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New Film Promotes Work of Mountain Rescue

Mountain Rescue England and Wales (MREW), the body representing all volunteer rescue teams, has today launched a short film highlighting the work they carry out. 'Mountain Rescue Film 15' stars real search and rescue volunteers in a range of different dramatised situations, emphasising their commitment and expertise, and their reliance on the public for moral and financial support.

Whether it is a dog search in the rainy fells or a technical crag rescue, looking for a missing person in an urban park or getting a woman in labour to hospital, the range of situations in the film reflects the breadth of the rescue teams' remit. 

The film is designed to raise public awareness of their work, and of course money. To achieve this the core message running through it is a simple one - that volunteers are only ordinary people, but that when the pager goes off they have to put normal life on hold. 

'There’s been a demand for more images and film about mountain rescue for quite a while' said Mike France, Chairman of MREW, 'and the growth in social media means that we should be able to spread the word about this film to thousands of people and make a really positive impact. With links, connections and sharing online, we are offering people — already active supporters or not — a great chance to find out more about what we do and how we work.'

Judy Whiteside, editor of Mountain Rescue Magazine, took the lead on the project.

'We knew that we needed to keep to a couple of strong but simple messages' she said.

'We wanted to show real rescuers, reacting to a wide range of realistic situations and we wanted to emphasise that they are all volunteers by showing them being called away from work, family commitments and sleep! That sounds quite simple but we also wanted to create something that people would want to watch and share and something that would have a fundraising as well as an educational impact.'

'I think we’ve created something that will really reinforce the value of our volunteer service and also make it clear that we rely on public support. That’s what we set out to do from the very beginning of the project and it is going to be exciting watching that message as it spreads online in the coming months.'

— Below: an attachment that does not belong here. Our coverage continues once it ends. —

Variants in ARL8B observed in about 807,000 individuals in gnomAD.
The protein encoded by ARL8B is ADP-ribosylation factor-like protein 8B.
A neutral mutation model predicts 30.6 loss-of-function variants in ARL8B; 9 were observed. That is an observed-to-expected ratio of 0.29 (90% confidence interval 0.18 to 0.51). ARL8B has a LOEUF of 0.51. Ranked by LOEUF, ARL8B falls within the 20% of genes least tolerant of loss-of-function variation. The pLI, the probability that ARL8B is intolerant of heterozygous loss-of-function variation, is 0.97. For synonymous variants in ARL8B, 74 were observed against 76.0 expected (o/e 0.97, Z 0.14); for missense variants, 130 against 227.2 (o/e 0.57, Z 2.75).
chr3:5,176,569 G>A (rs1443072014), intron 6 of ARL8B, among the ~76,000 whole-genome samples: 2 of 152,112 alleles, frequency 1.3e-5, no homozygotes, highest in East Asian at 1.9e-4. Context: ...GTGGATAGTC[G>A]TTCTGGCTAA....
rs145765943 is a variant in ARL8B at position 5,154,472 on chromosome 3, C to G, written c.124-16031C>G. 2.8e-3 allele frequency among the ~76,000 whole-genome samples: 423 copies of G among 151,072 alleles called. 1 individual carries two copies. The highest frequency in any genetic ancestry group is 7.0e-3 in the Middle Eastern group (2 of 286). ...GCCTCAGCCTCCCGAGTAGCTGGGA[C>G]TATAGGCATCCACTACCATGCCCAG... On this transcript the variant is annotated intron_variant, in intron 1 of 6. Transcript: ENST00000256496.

The film’s producer and co-director Dave Freeborn is not only a member and ex-team leader of Patterdale Mountain Rescue Team, but a professional film and documentary maker and member of the Institute of Videographers too.

The film was shot over 2014 at more than 12 different locations, with ten or so different MR teams and partners. 

'The schedule included a huge amount of negotiation and liaison with what seemed like hundreds of people' said Dave Freeborn.

'There was filming from a UAV (or drone) in Borrowdale... editing in underground rescue footage from the Mendips in Somerset, creating music and the voice over and, in all, about 20 days of filming in all weathers – all to create just six minutes of dramatic footage.'

The voiceover by Matthew Gravelle, who recently starred in the ITV drama Broadchurch, was recorded in both English and Welsh languages to reflect MREW membership.

'All the team members involved with the filming were incredibly enthusiastic and keen to make this work, despite already volunteering so much of their time to mountain rescue' said Dave Freeborn.

'I hope it will prove well worth it and raise public awareness and money for mountain rescue. But I also hope it will help us to explain the range of what we are trained to do, the skills and expertise that we have and how we might be able to use those skills to help in other situations too.'

  • Mountain Rescue Film 15 is available to watch now on MREW's website.
  • Donations to MREW can be made either by texting RESQ41, followed by the amount of the donation, to 70070; or via Justgiving.

 



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